A few months ago, I did an interview where one of the questions was what modern day convenience would I miss most if I lived in the 1800's. My initial thought was the washing machine. Then I thought about the vacuum, the dishwasher, the refrigerator, heat and running water and my answer to the question became clear. I would miss electricity.

Most of you know that I'm a stay-at-home mom. My days are spent at the computer working on my current novel, but I have other chores to keep me busy. Laundry, cooking and cleaning are just a few. While I can fantasize about living on a ranch with a hunky cowboy for a husband, I cannot fathom completing my housekeeping chores without electricity.

To wash clothes, women had to haul water from the creek, heat it over the fire and then use a scrub board to get denim and calico clean. It's much easier to dump the clothes into a steel drum, add the soap, turn the dial and let the machine take care of the rest. As for cooking on a cast iron stove or over a fireplace, I wouldn't want to do that, either. Modern stoves that again work with a turn of the dial are much more to my liking, plus I don't have to kill the chicken and pluck it before I can cook it. The chicken farms and supermarkets have already prepared and packaged the chicken for roasting.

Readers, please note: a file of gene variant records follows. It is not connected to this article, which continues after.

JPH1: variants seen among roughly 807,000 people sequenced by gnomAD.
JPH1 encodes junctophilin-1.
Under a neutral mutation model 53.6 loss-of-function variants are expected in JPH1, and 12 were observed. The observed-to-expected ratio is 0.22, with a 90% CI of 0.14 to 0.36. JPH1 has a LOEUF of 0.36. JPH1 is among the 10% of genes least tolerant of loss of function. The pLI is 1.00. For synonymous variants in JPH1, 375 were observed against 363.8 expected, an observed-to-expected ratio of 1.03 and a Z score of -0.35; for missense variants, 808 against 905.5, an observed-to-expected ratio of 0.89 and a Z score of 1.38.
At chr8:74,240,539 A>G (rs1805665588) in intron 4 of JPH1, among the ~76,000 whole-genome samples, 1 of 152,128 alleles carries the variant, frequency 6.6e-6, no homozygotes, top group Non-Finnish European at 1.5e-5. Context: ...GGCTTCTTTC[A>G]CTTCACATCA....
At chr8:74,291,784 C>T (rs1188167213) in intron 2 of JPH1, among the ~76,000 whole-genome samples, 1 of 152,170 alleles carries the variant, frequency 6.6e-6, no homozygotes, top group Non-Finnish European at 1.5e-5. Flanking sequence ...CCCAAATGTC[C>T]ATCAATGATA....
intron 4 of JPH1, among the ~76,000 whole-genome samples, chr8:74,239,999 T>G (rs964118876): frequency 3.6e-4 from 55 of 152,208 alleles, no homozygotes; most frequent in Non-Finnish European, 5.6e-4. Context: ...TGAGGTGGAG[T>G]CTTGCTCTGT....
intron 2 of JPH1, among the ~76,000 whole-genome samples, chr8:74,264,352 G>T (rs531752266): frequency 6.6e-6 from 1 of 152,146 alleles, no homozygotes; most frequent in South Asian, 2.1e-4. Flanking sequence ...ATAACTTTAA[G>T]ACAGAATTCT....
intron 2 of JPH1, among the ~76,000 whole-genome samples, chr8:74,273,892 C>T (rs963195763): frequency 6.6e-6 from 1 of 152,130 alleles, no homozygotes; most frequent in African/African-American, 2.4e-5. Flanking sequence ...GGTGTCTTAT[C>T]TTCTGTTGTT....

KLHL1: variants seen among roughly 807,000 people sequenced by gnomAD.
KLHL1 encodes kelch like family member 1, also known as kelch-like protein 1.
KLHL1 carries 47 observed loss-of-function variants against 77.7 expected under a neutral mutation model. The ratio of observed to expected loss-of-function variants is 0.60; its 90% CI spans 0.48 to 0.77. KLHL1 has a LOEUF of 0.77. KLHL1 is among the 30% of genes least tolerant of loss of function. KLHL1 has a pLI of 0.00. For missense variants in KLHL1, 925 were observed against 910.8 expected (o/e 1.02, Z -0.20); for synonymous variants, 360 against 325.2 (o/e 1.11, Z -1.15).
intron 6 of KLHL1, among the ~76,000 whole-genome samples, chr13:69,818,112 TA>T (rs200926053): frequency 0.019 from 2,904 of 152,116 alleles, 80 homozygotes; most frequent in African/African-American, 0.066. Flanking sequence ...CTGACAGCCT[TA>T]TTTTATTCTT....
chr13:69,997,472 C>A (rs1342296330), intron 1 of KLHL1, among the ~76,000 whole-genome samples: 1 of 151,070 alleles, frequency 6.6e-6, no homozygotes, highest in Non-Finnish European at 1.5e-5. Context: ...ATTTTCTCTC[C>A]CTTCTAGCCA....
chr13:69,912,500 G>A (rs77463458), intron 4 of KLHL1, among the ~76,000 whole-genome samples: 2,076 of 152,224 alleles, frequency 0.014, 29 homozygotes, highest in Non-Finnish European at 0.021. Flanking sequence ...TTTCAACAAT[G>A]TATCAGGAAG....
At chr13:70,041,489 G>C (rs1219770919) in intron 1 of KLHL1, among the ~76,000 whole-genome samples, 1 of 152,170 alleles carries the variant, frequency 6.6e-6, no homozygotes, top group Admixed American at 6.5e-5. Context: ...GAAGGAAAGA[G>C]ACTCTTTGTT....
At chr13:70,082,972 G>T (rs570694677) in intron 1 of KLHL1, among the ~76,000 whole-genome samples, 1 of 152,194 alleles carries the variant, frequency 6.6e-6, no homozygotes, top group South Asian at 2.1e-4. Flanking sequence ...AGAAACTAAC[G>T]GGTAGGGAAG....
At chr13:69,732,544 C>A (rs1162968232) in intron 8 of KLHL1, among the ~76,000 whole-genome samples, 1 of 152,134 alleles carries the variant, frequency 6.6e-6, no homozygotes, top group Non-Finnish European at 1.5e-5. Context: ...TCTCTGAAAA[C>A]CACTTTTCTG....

The refrigerator is another electrical machine I would miss. Milking the cow daily vs opening the door and extracting a carton of milk; hmm, I'll take opening the door. The same goes for the vacuum. Instead of hauling carpets up from the floor and outside to beat with a stick, I'd rather flip a switch and push my Dyson. The chore is completed in a fraction of the time it takes to beat dirt and hair from coarse fibers. And I just love turning on the faucet and stepping into a hot shower vs again having to haul the water from the creek and heat it.

As fascinating as that era is to me, I wouldn't have made a good rancher's wife. How those women did it daily, and without complaint, is beyond me. I think they were made of stronger stuff than me. I do admire and respect them for their hard work, and can task my female characters with performing the same chores without electricity, but I thank God for putting me in this generation.